Ground Planes

Thread Starter


Joined Sep 28, 2010
I'm making a pcb, and I wanted to ask people with more knowledge:
It is a good idea to have a ground plane on one side of the PCB going to batt - and a positive ground plane on the other side of the pcb?

I cant recall ever seeing this done and I'm wondering if I just haven't seen enough PCB's or if there is a valid reason not to do it?

The application is a dc motor controller working at around 25khz.


Joined Oct 2, 2009
There is no right or wrong answer. It really depends on the application. The reason for requiring a ground plane is if you have a very high frequency analog circuit and you want to reduce the noise level in order to improve performance.

A more important reason for a ground plane, especially if you are going to etch the board yourself, is to minimize the amount of copper you have to etch. For a simple layout, one would choose a single sided copper clad board and use lots of fill or pour on the copper side.

If you must choose a double sided board, you may choose to move the ground to the bottom layer but still use copper fill on the component side.

Or you can run traces on both sides, but again, use lots of copper fill/pour.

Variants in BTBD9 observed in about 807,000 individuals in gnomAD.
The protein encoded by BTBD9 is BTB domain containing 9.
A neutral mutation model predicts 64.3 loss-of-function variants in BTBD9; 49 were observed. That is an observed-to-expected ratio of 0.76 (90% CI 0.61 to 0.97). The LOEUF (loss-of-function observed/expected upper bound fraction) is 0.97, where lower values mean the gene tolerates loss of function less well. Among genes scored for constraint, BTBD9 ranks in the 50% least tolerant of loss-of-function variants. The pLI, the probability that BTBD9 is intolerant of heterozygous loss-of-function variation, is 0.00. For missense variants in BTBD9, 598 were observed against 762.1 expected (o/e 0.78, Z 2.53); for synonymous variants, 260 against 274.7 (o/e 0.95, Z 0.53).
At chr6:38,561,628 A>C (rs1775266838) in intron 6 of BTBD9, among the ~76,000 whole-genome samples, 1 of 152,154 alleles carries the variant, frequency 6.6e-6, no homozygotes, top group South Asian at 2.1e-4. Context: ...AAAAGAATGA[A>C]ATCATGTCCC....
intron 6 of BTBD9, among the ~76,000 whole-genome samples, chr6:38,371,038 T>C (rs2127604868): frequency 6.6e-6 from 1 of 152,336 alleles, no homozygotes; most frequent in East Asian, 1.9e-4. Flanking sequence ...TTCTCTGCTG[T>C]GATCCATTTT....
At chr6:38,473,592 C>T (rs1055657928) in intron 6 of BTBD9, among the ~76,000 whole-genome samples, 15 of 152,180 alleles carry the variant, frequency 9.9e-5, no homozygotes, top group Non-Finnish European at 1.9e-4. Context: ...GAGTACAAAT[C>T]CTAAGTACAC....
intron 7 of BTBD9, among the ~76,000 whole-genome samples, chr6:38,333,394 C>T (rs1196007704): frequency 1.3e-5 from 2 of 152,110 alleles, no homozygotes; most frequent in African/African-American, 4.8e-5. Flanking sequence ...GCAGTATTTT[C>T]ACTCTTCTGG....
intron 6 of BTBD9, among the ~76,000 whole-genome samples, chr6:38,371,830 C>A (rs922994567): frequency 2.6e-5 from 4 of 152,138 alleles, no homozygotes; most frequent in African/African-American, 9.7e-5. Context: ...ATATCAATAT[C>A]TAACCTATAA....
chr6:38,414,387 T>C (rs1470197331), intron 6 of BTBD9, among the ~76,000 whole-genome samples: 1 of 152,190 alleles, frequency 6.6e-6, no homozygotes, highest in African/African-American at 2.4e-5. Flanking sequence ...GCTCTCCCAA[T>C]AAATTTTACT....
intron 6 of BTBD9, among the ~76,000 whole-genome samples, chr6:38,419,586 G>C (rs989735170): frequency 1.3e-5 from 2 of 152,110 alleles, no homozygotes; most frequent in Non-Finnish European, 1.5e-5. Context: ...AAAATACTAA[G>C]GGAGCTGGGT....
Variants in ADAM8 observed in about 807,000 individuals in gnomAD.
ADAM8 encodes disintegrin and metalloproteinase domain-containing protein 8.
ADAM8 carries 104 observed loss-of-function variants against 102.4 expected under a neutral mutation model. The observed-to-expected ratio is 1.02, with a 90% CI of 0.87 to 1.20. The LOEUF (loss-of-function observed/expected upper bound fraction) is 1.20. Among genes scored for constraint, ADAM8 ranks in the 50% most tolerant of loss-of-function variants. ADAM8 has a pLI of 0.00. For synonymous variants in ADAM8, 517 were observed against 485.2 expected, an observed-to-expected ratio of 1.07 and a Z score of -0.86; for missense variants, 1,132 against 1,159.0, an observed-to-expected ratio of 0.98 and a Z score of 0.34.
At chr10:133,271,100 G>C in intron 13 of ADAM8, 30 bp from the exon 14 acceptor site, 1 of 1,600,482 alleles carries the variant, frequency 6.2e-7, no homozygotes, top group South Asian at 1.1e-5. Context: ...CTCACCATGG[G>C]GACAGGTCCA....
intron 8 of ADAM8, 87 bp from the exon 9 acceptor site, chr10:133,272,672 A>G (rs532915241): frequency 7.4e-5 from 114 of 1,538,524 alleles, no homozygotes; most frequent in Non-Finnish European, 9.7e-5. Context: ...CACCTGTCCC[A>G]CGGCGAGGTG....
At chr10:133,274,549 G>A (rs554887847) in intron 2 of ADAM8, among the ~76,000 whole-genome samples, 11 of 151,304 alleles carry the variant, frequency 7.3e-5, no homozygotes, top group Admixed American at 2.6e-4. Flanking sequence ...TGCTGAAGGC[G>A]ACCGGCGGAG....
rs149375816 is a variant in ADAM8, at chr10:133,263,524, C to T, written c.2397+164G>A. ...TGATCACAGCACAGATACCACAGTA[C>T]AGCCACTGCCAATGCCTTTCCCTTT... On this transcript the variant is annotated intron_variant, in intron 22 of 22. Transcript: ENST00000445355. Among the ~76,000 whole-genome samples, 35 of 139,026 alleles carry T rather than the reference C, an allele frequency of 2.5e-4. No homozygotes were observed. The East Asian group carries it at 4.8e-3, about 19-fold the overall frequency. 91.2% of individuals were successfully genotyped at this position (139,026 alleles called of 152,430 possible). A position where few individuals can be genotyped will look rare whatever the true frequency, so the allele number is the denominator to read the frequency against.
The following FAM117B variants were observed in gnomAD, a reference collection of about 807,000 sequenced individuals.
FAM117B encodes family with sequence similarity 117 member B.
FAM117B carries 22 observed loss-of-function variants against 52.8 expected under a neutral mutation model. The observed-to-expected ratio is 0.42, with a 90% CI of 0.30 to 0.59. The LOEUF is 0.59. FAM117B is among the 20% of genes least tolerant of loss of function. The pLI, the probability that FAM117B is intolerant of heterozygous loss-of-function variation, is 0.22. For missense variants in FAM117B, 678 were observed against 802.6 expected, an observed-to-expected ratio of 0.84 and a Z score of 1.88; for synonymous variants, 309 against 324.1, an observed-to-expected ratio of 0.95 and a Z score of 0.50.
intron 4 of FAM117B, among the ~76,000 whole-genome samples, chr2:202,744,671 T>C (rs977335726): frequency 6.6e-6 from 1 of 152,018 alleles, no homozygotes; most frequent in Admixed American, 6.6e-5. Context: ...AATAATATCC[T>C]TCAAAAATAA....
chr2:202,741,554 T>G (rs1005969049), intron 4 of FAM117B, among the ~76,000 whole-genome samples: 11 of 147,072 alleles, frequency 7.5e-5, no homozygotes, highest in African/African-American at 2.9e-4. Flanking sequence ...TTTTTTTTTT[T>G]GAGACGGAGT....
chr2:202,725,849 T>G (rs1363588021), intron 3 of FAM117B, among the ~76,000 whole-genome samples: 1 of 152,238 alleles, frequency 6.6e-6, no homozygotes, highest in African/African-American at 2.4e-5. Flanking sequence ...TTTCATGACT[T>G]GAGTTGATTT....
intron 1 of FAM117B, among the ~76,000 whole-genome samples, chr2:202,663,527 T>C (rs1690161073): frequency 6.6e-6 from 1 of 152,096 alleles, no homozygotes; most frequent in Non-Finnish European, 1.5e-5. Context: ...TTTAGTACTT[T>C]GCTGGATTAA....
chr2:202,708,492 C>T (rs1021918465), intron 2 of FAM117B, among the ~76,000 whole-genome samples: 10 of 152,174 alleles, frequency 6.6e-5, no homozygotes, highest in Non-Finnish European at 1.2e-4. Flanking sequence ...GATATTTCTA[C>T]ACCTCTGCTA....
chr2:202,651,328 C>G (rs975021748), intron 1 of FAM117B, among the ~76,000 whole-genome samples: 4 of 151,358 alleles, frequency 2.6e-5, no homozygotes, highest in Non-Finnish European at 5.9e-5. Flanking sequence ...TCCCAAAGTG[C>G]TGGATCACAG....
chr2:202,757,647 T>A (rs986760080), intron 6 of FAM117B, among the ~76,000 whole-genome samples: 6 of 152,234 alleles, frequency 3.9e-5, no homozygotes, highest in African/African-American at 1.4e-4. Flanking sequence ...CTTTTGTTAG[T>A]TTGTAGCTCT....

(Of course, the other reason for moving to a double sided board is in a complex layout situation where you just cannot get all the traces in on one side without using too many jumpers.)


Joined May 11, 2009
I would perhaps in this case tend more towards a star ground concept. Run the separate cables for the motor and control logic power. And split them at the power power supply. Use a CLC (phi) filter at the control logic positive voltage input.
You give very few details on your setup. And that makes it hard to give a good answer. In this game you can hardly give to much details. So just pour on details in you r first post. Like all about current and voltage specs.
In any case feel free to post your PCB here for comments.


Joined Jul 17, 2007
One really good reason for having power/ground planes is the reduction of parasitic inductance.

Long, thin traces will have a significant amount of inductance. An infinite plane of copper has practically no inductance. Having power planes on a circuit board is somewhere in between the two.

Thread Starter


Joined Sep 28, 2010
Thanks for the responses guys, I just wasn't sure if it was the done thing...

I ended up putting multiple ground planes on the board. I need to get some boards made to test with, so it'll be interesting to see how it all works.